In the last month, crude prices worldwide have plummeted. Largely due to a strong U.S. dollar, along with increased production from booming shale plays across the country, these falling prices have translated into a welcoming sight at the pump for American consumers, but the effect they could have on domestic production may not be quite so positive.
Because current U.S. trade policies prohibit the exportation of domestically produced crude (except under very specific circumstances), the primary buyers of the light tight oil (LTO) coming out of North Dakota and Texas have been domestic refineries.
For producers, this has been less than ideal due to the fact that domestic crude benchmarks such as West Texas Intermediate (WTI) and Louisiana Sweet have lagged behind Brent (international) prices for quite some time. Essentially, oil companies in the U.S. have had to sell their crude to refiners at a discounted price, and as a result, their profit margins are being squeezed.
In addition, much of the refining infrastructure in the United States isn’t equipped to handle the lighter, sweeter blends of crude coming out of Bakken and Eagle Ford. Consequently, bottlenecks have formed in the Midwest and on the Gulf Coast, further suppressing domestic prices.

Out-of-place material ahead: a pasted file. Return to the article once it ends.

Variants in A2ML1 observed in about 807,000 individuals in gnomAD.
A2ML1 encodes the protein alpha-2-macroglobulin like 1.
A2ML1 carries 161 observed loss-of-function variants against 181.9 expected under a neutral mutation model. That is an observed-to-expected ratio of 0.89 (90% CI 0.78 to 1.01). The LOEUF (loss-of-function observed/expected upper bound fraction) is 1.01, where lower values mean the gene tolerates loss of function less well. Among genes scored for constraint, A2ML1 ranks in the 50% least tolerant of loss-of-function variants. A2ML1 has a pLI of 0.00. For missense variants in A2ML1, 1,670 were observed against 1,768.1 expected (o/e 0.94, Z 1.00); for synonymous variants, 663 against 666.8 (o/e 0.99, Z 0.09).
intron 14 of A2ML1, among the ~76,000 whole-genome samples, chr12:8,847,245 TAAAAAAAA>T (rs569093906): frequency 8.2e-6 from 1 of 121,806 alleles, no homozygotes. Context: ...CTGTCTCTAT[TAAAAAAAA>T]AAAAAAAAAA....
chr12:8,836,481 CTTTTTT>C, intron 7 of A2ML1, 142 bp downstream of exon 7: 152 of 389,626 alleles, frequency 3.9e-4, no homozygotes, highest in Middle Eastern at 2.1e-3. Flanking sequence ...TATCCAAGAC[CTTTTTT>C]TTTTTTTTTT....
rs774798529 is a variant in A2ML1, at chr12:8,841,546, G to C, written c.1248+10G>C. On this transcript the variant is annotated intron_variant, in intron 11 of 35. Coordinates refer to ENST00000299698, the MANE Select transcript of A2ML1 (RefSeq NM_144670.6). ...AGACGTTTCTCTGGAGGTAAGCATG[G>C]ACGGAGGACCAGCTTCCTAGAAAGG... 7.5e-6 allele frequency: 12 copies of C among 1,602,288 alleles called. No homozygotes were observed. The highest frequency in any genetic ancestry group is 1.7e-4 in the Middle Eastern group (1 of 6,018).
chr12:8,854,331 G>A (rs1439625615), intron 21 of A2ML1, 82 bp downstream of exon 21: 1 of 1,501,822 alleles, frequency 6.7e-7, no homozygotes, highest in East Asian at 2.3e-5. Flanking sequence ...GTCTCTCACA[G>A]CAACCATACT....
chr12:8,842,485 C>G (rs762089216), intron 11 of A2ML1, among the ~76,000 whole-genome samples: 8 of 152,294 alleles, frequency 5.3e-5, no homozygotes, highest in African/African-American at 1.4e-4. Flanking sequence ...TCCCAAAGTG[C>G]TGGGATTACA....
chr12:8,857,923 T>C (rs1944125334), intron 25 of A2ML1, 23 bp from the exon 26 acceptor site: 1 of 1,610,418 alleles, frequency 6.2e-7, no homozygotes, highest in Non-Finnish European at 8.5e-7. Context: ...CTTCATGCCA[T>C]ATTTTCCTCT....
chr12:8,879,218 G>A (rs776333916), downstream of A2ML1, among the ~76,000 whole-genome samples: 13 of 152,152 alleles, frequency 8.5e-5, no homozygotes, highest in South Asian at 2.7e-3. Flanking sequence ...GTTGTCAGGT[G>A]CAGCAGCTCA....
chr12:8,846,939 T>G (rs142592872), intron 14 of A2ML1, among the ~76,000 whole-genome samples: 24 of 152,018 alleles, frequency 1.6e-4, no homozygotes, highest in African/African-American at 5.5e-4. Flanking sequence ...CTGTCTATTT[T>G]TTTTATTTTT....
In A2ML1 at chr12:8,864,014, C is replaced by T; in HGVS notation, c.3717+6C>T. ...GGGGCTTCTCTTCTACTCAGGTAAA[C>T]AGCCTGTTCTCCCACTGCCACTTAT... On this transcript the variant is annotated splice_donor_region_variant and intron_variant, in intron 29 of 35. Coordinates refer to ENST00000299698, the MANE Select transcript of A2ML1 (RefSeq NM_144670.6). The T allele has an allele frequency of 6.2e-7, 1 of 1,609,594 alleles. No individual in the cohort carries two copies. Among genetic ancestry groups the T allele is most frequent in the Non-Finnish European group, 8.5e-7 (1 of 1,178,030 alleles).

Primarily driven by the laws of supply and demand, if too much domestic crude builds up in the U.S., prices could continue to drop. And if they drop too far, production in shale plays could become uneconomical.
Although earlier this month, WTI prices fell below $90 per barrel for the first time in nearly a year and a half, a recent report released by Citigroup found that they would have to drop below $50 per barrel for production to stop entirely. While that is unlikely to happen, even a slight slip in prices could result in a temporary slowdown of large-scale oil and gas-related projects throughout the U.S.